Cancer of the oral cavity has a high recurrence and high staging at diagnosis, which often does not allow surgical treatment because the interventions are too destructive and have secondary complications; therefore, the treatment of choice is chemoradiotherapy [1]. Oral squamous cell carcinoma (OSCC) is the most common subgroup of head and neck malignancies, which can develop in all parts of the oral cavity, resulting directly from apparently normal mucosa or progressively from potentially malign disorders [2]. Annually, there are around 400 000 new cases diagnosed all across the globe, accounting for 2% of all cancers [3]. Patients with advanced OSCC have poor prognosis due to strong invasive ability, high recurrence rate, and lymph node metastasis [4]. Locoregional recurrence is frequent (approximately 32.7~44.9%) [5–7] and remains a critical issue in clinical management of advanced-stage OSCC [8].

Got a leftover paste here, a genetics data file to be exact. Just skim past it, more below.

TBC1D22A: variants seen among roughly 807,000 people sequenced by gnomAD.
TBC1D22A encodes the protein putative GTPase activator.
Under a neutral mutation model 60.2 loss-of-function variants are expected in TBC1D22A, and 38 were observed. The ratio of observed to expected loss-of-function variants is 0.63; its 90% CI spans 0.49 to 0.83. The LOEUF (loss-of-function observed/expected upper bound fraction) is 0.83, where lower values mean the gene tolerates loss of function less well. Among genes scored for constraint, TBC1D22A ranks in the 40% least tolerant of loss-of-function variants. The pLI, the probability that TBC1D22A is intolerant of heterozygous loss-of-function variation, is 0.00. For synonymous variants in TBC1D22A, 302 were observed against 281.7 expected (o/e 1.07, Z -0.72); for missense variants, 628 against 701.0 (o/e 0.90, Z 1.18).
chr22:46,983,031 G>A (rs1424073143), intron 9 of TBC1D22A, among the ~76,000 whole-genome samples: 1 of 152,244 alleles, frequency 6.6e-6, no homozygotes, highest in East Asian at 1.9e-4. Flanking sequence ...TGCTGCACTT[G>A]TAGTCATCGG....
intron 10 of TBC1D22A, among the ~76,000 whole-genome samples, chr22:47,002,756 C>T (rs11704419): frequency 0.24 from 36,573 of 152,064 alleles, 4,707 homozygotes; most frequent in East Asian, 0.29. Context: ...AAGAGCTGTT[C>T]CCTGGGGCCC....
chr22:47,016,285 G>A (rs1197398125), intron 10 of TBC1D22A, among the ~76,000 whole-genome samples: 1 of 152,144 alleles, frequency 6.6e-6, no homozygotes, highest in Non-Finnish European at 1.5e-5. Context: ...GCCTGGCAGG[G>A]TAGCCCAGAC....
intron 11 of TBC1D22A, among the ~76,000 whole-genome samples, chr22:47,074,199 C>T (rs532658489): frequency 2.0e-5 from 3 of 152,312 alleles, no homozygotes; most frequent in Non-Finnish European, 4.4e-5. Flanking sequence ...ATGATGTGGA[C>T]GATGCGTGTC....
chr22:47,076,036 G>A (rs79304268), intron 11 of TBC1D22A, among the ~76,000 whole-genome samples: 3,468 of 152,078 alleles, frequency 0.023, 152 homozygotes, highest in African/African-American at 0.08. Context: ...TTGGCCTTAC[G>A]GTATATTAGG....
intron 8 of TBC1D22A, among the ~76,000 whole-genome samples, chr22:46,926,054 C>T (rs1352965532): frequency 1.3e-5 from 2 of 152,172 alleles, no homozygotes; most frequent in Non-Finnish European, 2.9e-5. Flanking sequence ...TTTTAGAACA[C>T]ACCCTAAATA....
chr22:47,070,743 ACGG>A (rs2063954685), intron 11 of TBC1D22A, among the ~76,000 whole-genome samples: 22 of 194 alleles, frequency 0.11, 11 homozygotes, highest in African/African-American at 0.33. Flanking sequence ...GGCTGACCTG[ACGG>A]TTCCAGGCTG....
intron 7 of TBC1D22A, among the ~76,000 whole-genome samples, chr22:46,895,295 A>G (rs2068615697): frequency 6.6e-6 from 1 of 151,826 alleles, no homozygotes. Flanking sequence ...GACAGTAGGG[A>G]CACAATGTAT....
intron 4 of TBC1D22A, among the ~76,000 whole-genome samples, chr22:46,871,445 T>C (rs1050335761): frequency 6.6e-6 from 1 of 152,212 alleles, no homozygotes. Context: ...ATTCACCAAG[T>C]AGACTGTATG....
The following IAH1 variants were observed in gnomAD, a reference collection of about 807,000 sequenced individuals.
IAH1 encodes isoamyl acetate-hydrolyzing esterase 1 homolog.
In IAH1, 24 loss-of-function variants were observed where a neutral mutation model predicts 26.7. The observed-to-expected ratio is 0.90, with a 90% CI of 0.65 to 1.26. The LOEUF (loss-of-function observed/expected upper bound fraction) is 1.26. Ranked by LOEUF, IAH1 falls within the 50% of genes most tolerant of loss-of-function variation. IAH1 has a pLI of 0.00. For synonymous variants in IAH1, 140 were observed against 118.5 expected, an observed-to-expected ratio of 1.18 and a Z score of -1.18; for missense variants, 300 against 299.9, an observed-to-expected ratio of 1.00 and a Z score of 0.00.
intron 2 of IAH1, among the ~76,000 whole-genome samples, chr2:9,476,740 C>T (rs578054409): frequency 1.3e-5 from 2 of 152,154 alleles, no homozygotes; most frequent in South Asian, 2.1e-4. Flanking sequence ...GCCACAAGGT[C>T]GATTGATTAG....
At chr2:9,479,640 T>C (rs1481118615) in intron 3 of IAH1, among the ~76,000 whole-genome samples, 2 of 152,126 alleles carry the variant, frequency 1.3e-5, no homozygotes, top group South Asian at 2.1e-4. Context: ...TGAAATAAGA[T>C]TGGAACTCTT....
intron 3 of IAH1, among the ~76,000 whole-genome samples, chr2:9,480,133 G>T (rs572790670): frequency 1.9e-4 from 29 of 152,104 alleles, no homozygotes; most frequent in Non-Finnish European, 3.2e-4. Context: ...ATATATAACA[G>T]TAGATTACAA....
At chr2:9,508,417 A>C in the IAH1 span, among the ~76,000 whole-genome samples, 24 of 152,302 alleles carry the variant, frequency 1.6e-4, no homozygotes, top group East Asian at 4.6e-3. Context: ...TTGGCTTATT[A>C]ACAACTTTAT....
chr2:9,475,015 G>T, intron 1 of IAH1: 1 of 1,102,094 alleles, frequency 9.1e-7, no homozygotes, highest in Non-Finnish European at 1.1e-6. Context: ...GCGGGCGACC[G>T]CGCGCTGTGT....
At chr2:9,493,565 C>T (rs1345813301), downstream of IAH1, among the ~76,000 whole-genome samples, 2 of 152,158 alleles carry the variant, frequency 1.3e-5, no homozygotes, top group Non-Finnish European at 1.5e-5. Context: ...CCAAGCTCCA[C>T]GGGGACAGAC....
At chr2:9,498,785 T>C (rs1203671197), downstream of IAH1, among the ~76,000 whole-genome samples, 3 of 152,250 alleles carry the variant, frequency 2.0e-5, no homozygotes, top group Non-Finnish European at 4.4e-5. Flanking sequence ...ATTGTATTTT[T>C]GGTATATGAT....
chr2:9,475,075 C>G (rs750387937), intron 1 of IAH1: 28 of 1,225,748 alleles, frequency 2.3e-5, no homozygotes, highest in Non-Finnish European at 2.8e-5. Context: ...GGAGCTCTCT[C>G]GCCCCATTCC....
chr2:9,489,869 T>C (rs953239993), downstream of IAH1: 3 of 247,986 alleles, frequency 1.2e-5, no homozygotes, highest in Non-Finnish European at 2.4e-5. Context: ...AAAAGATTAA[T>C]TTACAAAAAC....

Increased attention has focused on the interaction between oral microbiome and OSCC in the past few decades [9]. The accumulated evidence indicates that chronic periodontitis is one of the pathogenic factors resulting in OSCC [10–13], which was found to increase the incidence of OSCC by 5.23-fold [14]. Microbiota homeostasis plays important roles in health and disease. Dysbiosis of oral florae can disrupt the host immune defense, thus deeply affecting tumorigenesis [15,16]. Porphyromonas gingivalis is a gram-negative absolute anaerobic bacterium that is a crucial bacterial pathogen of OSCC characterized by invading the cellular circle and normal physiological metabolism of epithelial cells, interfering with the host immune system, and producing a toxic effect of inhibiting programmed cell death [17,18]. Many anatomical structures (eg, gingiva, buccal mucosa, dorsum of the tongue, lingual margin, hard and soft palate) are easily colonized by various types of microflora [19,20]; therefore, P. gingivalis can prolong the time of contact with tumor cells to promote OSCC progression [9]. Tuominen et al [21] has reported that P. gingivalis can inhibit apoptosis, activate cell proliferation, promote cell invasion, induce chronic inflammation, and directly produce carcinogens. P. gingivalis has been detected in abundance in the oral cavity of patients with OSCC [22], suggesting it is an independent bacterial factor that raises the risk of death in OSCC patients [23]. Abnormal aggregation of P. gingivalis can cause local microecological imbalance of the oral cavity and is a dominant species in periodontitis, and further impact is the formation of a tumor microenvironment (TME) that is closely associated with oro-digestive carcinogenesis [24]. TME refers to a restricted internal environment constituted by locally tumor-associated infiltrating mesenchymal cells (eg, macrophages, fibroblasts, neutrophils, epithelial/endothelial cells) and their secretory extracellular matrix (ECM) together with inner cancer cells [25,26].